If you use any prescription or non-prescription sleep aids, bring them with you but do not take them unless you are instructed to. If you're having trouble sleeping, you can ask the tech.

Bring a hat. You may want to head directly home without showering there and your hair will be a mess from the paste-y stuff they use to stick the electrodes on.

Make sure you bring any phone, Kindle, etc. chargers. I didn't need one for the sleep test but if they let you use the phone to kill time during the sleep latency test the next day, you may be using it a lot.
posted by pie ninja at 8:53 AM on March 6, 2021 [3 favorites]

Best answer: I'm SO GLAD I got my CPAP machine, and this is the way to get it.

However, my experience was that this was the worst night's sleep I ever had. I really hope I never have to go through that again. Make sure you get a prescription for sleep meds for that night, even if you don't normally use them. The wires etc are really fucking annoying, and it feels like you can't even move, if they have the leg electrodes on you. Bleah. But do it anyway. My sleep clinic had a shower, so I took one in the morning to get the glue out of my hair. It's basically like staying in a very spartan hotel, with Big Brother watching you all night.
posted by RedEmma at 9:47 AM on March 6, 2021 [1 favorite]

Best answer: I am a PA and my area of practice is sleep medicine. Congratulations on taking this huge first step. I know it’s intimidating but that’s just because it’s the unknown. Sounds like you are going for an MSLT. They’re not invasive but I would be lying if I said it wasn’t boring during the daytime portion of it. Bringing your knitting and your kindle is a good idea. The rooms in our sleep lab (what a silly name right?) have televisions with all the channels and streaming services. If yours does not maybe bring a laptop? There will certainly be wifi.

As for embarrassing? Well, that is entirely subjective. People who work in sleep medicine are generally the easiest going people in medicine. Our sleep techs are incredibly kind and patient and a few of them are absolutely hilarious. Our patients love them.

You should be able to do your yoga but you will have to make accommodations for the wires.

I firmly believe you will do just fine!
posted by teamnap at 9:49 AM on March 6, 2021 [4 favorites]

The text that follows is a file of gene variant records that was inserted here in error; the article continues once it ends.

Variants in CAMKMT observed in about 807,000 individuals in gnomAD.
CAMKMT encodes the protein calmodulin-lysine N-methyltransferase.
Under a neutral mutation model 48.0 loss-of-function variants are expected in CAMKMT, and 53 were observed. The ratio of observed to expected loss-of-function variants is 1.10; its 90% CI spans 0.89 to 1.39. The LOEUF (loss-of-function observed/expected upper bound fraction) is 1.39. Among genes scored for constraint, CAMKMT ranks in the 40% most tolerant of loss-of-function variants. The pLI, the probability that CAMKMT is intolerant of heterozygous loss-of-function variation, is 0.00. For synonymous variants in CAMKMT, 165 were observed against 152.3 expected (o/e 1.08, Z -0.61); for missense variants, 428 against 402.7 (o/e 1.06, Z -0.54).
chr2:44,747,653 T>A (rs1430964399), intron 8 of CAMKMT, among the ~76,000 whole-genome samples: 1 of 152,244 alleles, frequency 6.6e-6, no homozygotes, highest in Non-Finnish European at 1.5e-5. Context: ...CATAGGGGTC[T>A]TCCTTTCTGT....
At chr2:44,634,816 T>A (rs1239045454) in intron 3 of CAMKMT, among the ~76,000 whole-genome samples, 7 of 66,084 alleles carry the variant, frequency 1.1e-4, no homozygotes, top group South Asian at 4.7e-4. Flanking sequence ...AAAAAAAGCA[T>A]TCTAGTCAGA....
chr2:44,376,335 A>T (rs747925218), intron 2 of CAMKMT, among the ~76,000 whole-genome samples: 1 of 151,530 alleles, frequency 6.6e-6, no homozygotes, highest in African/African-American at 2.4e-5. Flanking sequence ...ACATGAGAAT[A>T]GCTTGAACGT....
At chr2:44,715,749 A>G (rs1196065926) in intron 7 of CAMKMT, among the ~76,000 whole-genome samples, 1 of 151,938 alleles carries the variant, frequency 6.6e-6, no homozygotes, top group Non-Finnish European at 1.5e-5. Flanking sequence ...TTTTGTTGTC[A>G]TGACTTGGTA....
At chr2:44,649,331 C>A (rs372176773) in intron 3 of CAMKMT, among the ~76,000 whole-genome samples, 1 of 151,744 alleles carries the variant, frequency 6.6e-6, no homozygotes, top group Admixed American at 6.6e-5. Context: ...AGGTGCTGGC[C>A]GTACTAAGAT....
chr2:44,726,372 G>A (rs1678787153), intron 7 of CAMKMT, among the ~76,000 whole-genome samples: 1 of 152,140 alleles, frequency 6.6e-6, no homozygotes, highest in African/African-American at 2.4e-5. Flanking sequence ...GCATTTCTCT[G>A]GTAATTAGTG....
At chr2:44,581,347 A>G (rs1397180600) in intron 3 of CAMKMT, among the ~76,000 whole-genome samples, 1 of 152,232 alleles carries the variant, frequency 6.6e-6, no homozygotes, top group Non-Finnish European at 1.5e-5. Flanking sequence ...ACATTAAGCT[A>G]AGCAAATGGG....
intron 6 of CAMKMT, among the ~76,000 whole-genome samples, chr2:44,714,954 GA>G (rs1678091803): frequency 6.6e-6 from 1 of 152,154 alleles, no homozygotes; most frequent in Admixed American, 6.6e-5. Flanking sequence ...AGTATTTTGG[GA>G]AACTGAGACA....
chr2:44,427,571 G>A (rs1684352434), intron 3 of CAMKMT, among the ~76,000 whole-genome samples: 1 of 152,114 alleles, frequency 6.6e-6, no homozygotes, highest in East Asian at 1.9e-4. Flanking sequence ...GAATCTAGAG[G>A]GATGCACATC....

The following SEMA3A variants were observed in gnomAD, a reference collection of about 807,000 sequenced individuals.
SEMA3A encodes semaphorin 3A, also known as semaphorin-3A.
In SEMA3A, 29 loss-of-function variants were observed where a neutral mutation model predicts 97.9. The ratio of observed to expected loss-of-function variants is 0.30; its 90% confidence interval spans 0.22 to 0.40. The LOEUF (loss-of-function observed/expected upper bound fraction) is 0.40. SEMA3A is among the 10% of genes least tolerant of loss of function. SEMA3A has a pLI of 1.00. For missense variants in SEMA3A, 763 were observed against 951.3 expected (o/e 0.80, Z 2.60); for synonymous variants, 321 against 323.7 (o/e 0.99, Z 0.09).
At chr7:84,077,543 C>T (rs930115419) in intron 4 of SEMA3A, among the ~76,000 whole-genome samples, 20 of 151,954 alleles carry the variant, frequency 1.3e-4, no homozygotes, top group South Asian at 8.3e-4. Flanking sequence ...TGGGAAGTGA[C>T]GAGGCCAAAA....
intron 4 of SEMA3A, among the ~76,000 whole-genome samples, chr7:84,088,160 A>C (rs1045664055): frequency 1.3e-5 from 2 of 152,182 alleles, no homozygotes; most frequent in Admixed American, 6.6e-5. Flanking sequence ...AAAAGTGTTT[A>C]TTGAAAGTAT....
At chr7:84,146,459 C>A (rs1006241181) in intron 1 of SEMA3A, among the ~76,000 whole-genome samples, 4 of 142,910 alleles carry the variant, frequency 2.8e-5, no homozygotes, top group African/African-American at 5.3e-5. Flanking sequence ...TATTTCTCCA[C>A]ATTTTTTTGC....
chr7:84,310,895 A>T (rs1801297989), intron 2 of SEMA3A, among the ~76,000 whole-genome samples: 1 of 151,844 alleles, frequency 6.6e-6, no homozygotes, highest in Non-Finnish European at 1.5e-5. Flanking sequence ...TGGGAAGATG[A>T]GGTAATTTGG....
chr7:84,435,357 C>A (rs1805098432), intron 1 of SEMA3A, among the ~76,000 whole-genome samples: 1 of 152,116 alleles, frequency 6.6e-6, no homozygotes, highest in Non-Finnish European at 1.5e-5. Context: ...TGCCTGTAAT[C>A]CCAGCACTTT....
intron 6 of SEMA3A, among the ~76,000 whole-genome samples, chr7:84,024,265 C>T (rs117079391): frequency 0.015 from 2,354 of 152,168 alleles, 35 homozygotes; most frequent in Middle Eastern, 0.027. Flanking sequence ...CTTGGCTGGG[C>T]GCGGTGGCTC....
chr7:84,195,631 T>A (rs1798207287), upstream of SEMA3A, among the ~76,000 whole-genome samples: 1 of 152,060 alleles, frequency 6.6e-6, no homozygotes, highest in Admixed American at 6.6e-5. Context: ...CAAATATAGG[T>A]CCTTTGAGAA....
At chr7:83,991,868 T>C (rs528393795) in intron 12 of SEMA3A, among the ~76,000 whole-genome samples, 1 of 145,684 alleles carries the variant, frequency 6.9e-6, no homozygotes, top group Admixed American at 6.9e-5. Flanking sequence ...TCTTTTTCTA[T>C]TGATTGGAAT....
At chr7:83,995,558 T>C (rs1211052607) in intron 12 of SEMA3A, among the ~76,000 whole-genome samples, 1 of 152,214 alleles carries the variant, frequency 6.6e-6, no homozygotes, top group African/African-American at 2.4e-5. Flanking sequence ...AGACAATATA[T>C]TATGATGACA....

Best answer: I was diagnosed with sleep apnea over a decade ago and a CPAP prescribed after I bumped into vehicles twice due to sleep deprivation. It did change my life.

Same experience as others. I was hooked up to a bunch of electrodes, including at least one on my ankle. I think they had me sleep an hour without a CPAP quite fitfully, then they woke me up, helped me put on a CPAP, and I went back to sleep, and they were able to "tune" it while I slept (much more soundly).
posted by kschang at 10:10 AM on March 6, 2021

Best answer: My experience was similar to the others. I wished in retrospect that I'd brought my own pillow, because I found the one they supplied really uncomfortable and felt like that probably affected my sleep quality too.

I actually kind of enjoyed it - it was a weird break from ordinary life, I got to see what I look like covered in wires, and at least at my place the food was surprisingly decent.
posted by trig at 10:46 AM on March 6, 2021 [2 favorites]

Best answer: One thing no one has mentioned is what do you do if you need to pee at night, in my case it was pretty trivial, I just buzzed for a tech and they unplugged the big mass of wires and let me do my thing and then plugged me back in. I really wasn't that bad and they put me at ease about it. (I had to pee like 3x that night and I barely slept and still it was amazing to get a diagnosis/have confirmation that yes my brain really was running all the damn time, I wasn't imagining that. And yes there are meds that can help me pass the eff out and reset)

Glad you are doing the study. Similar to others it really did help my quality of life and I got it brings you some answers.
posted by larthegreat at 11:24 AM on March 6, 2021

Best answer: A family member just did this. The thing she wasn't expecting was that during the day time part of the study, she was told to lie down and try to go to sleep at regular intervals. And then, sometimes just as she was getting into a deep phase of sleep, she got woken up again and had to sit up and try to be awake for a while. So she felt pretty lousy and sleep deprived by the end of the study. And as a bonus, they didn't find an explanation for her fatigue so all that fun was for nothing (except to get doctors to stop asking if she had had a sleep study done)
posted by metahawk at 2:45 PM on March 6, 2021

Best answer: Mine was basically a spartan but nice hotel room. Nothing fancy but the bed was decent, the sheets were clean, there was a TV with cable. The tech showed me in and let me hang out and settle in, then came back in to put the electrodes on and wire me up. I just hung out and watched baseball.

If I needed to pee I'd holler out and they were monitoring the room so they had a little speaker thing we could talk through. At some point they put a CPAP on me because my apnea was really bad. And a CPAP is life-changing, seriously.